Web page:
Restaurants in Portland, OR
This glass-fronted restaurant—named for a coastal city in northwest Italy—resides in a single-level, brick building in Southeast Portland.
This northeast Portland newcomer isn’t so much a restaurant as a regularly occurring, eccentric dinner party in chef and co-owner Naomi Pomeroy’s exhibition kitchen. Dining is at a pair of communal tables, and there are just two seatings per evening (plus brunch on Sundays).
Opened by Domenick “Nick” Carlacio, this hot dog emporium is now owned by Tyler Rogoway. The shop still sells its popular coney: an all-beef hot dog topped with seasoned ground beef sauce, onions, and American cheese.
Situated in the Kerns neighborhood, this small Mediterranean bistro contains a bar area with banquette seating, a dining room with art-lined walls, and six counter seats overlooking an exhibition kitchen.
A small-scale, pure-hearted restaurant that has no stove. What it’s got is a wood-burning oven inherited from the space’s last incarnation, a short-lived pizza joint.
Located in an art-lined basement with communal tables in a building east of the Willamette River, this restaurant sprouted from a charcuterie and butcher shop called Viande Meats and Sausage and focuses on comfort food crafted from local, seasonal ingredients.
This American brasserie and bar in Portland’s Pearl District has a green and glass front and limited seating on a railed-in former loading dock, whlie the interior has wood floors, art-lined walls, and an active bar.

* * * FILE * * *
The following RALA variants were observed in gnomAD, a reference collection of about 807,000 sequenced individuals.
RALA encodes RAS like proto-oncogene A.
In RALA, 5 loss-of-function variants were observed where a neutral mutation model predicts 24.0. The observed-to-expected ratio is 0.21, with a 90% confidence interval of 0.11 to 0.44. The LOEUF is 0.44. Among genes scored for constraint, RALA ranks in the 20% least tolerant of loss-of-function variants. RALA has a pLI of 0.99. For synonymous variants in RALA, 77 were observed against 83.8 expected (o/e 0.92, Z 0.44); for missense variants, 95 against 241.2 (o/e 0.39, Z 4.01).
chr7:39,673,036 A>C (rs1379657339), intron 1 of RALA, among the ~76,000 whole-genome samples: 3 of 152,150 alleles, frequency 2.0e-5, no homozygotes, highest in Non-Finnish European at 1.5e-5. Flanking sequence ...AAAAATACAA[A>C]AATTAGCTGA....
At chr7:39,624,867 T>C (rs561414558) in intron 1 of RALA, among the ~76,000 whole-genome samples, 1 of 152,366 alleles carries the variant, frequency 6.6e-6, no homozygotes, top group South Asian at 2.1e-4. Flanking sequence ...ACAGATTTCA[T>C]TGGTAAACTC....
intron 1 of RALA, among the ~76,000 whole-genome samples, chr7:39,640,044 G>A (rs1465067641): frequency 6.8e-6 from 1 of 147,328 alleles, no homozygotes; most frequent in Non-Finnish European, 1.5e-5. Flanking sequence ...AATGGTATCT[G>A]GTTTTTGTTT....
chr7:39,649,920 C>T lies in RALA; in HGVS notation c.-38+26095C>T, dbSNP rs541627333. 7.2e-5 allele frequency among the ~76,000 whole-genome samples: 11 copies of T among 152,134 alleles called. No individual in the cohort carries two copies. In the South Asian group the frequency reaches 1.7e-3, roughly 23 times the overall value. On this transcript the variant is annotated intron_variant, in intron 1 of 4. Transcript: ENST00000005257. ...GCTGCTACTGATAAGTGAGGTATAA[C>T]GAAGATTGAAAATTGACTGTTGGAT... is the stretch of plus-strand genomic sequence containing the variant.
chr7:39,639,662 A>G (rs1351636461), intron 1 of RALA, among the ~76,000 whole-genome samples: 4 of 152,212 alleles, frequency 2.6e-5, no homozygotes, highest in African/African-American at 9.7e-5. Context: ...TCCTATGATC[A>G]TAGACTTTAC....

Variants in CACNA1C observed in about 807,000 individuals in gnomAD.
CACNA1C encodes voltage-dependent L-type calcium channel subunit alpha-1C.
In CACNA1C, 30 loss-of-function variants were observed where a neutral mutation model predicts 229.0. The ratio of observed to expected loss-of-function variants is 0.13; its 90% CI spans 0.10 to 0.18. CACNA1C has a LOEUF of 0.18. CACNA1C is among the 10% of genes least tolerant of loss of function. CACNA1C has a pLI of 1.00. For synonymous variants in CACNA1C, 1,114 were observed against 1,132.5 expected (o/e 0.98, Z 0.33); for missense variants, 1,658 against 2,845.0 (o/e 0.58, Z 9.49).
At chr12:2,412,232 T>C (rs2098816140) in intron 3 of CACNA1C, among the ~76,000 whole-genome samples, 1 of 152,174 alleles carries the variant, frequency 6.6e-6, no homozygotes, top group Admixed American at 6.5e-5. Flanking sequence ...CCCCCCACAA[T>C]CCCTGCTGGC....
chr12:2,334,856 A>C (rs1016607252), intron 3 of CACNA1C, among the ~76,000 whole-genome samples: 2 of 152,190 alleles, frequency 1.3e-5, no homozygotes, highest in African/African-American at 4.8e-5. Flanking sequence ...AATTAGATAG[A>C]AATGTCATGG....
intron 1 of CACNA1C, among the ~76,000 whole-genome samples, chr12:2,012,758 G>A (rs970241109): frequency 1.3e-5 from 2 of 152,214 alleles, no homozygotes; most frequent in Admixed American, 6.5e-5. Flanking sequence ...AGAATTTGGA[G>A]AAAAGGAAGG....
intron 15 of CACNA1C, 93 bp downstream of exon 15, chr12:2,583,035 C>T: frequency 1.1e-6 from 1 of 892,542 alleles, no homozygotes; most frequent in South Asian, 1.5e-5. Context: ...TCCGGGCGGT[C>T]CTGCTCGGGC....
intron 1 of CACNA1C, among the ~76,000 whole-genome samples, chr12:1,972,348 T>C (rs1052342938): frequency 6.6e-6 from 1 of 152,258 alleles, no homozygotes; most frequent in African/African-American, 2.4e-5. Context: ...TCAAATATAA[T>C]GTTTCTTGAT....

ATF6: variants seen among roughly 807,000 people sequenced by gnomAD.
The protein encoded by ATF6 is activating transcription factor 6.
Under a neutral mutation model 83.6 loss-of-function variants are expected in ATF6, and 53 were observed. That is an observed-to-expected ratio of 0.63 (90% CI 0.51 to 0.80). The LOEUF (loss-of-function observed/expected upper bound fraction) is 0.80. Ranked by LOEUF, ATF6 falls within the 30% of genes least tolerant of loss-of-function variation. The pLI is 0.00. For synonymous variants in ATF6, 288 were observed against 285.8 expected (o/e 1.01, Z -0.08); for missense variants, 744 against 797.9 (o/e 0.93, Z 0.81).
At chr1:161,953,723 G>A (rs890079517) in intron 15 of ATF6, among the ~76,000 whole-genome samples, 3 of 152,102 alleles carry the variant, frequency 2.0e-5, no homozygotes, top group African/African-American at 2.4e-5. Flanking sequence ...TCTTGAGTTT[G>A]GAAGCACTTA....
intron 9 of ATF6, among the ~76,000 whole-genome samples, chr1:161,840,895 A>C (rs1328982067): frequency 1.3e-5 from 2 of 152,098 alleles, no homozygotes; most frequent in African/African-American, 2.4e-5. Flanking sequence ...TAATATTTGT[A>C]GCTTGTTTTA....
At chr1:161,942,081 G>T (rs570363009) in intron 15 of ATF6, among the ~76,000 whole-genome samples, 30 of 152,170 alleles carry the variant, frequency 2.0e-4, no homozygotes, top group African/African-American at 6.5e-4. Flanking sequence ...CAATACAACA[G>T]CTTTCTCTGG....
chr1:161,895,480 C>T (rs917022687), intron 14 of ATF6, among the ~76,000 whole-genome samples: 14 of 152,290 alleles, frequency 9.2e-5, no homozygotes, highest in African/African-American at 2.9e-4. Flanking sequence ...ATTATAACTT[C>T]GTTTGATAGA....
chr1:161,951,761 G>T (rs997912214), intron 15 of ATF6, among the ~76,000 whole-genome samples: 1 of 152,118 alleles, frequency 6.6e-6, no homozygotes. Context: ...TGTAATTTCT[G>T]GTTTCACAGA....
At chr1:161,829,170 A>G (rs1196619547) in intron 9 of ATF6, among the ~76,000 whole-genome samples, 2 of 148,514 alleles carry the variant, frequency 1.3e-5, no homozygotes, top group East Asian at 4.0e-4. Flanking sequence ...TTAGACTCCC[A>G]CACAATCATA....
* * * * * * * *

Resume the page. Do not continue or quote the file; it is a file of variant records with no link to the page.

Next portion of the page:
A relatively new (2007) addition to Portland’s burgeoning East Side food scene, this smart and unpretentious tapas restaurant brightens an otherwise quiet street with its inviting ruby-red walls and polished dark wood tables.
The Scene: During peak summer months since 2003, founders Erika Polmar and Emily Berreth have held a series of dinners at working farms within striking distance of Portland. Chefs, many of whom hail from Portland’s top restaurants, set up makeshift kitchens amid the crops.
The restaurant has taken off not just because of its highly rated American cuisine but because of its home in the LEED Platinum Ecotrust Building, which includes a green roof with raised garden beds and its own water well.
This stand-alone cafe in eastern Portland has practiced a farm-to-table philosophy from its 2003 inception. The former Victorian home with art-lined red walls and a spacious back patio generally shuns meat in favor of vegetables or seafood.
Chef Barry Powelson took over this red brick-fronted restaurant in north Portland in 2007. His menu consists of hearty comfort foods like Bear’s baby back ribs, grilled rib-eye steak, and an eponymous Gotham burger.